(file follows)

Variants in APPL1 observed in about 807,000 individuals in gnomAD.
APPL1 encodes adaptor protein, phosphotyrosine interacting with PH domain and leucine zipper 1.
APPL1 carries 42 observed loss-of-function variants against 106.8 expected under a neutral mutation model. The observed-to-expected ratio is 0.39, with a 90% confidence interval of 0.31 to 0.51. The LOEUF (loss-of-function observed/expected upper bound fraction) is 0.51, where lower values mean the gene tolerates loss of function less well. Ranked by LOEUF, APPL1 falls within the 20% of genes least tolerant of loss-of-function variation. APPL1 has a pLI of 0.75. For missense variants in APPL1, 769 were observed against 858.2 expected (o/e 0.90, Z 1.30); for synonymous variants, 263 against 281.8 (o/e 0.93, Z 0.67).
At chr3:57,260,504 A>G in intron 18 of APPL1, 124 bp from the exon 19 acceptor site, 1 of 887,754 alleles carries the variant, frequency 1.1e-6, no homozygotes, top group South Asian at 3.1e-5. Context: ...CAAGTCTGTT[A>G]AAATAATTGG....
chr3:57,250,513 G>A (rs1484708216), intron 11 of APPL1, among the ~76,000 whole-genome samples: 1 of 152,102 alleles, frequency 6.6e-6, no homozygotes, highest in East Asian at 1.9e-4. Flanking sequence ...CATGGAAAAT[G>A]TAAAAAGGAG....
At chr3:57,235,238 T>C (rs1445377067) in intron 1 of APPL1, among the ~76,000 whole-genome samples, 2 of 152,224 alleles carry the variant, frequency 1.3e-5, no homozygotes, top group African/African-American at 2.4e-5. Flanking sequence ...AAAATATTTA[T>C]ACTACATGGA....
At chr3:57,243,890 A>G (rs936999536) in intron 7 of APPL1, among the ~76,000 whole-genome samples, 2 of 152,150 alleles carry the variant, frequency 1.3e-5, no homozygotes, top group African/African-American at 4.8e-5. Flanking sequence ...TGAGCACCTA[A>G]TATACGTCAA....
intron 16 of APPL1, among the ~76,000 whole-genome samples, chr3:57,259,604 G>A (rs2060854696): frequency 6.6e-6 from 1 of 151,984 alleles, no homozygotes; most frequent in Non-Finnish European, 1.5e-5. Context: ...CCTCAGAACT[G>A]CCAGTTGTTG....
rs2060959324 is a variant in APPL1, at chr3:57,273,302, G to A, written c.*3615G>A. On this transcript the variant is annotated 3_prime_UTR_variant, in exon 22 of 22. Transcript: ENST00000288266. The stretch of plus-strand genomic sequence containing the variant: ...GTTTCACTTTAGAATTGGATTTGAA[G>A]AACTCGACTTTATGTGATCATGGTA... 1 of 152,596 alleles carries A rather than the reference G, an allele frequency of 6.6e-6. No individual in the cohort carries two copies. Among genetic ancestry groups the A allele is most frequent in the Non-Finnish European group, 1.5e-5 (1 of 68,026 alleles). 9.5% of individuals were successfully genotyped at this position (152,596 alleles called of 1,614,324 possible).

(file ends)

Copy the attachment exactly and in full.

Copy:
Variants in APPL1 observed in about 807,000 individuals in gnomAD.
APPL1 encodes adaptor protein, phosphotyrosine interacting with PH domain and leucine zipper 1.
APPL1 carries 42 observed loss-of-function variants against 106.8 expected under a neutral mutation model. The observed-to-expected ratio is 0.39, with a 90% confidence interval of 0.31 to 0.51. The LOEUF (loss-of-function observed/expected upper bound fraction) is 0.51, where lower values mean the gene tolerates loss of function less well. Ranked by LOEUF, APPL1 falls within the 20% of genes least tolerant of loss-of-function variation. APPL1 has a pLI of 0.75. For missense variants in APPL1, 769 were observed against 858.2 expected (o/e 0.90, Z 1.30); for synonymous variants, 263 against 281.8 (o/e 0.93, Z 0.67).
At chr3:57,260,504 A>G in intron 18 of APPL1, 124 bp from the exon 19 acceptor site, 1 of 887,754 alleles carries the variant, frequency 1.1e-6, no homozygotes, top group South Asian at 3.1e-5. Context: ...CAAGTCTGTT[A>G]AAATAATTGG....
chr3:57,250,513 G>A (rs1484708216), intron 11 of APPL1, among the ~76,000 whole-genome samples: 1 of 152,102 alleles, frequency 6.6e-6, no homozygotes, highest in East Asian at 1.9e-4. Flanking sequence ...CATGGAAAAT[G>A]TAAAAAGGAG....
At chr3:57,235,238 T>C (rs1445377067) in intron 1 of APPL1, among the ~76,000 whole-genome samples, 2 of 152,224 alleles carry the variant, frequency 1.3e-5, no homozygotes, top group African/African-American at 2.4e-5. Flanking sequence ...AAAATATTTA[T>C]ACTACATGGA....
At chr3:57,243,890 A>G (rs936999536) in intron 7 of APPL1, among the ~76,000 whole-genome samples, 2 of 152,150 alleles carry the variant, frequency 1.3e-5, no homozygotes, top group African/African-American at 4.8e-5. Flanking sequence ...TGAGCACCTA[A>G]TATACGTCAA....
intron 16 of APPL1, among the ~76,000 whole-genome samples, chr3:57,259,604 G>A (rs2060854696): frequency 6.6e-6 from 1 of 151,984 alleles, no homozygotes; most frequent in Non-Finnish European, 1.5e-5. Context: ...CCTCAGAACT[G>A]CCAGTTGTTG....
rs2060959324 is a variant in APPL1, at chr3:57,273,302, G to A, written c.*3615G>A. On this transcript the variant is annotated 3_prime_UTR_variant, in exon 22 of 22. Transcript: ENST00000288266. The stretch of plus-strand genomic sequence containing the variant: ...GTTTCACTTTAGAATTGGATTTGAA[G>A]AACTCGACTTTATGTGATCATGGTA... 1 of 152,596 alleles carries A rather than the reference G, an allele frequency of 6.6e-6. No individual in the cohort carries two copies. Among genetic ancestry groups the A allele is most frequent in the Non-Finnish European group, 1.5e-5 (1 of 68,026 alleles). 9.5% of individuals were successfully genotyped at this position (152,596 alleles called of 1,614,324 possible).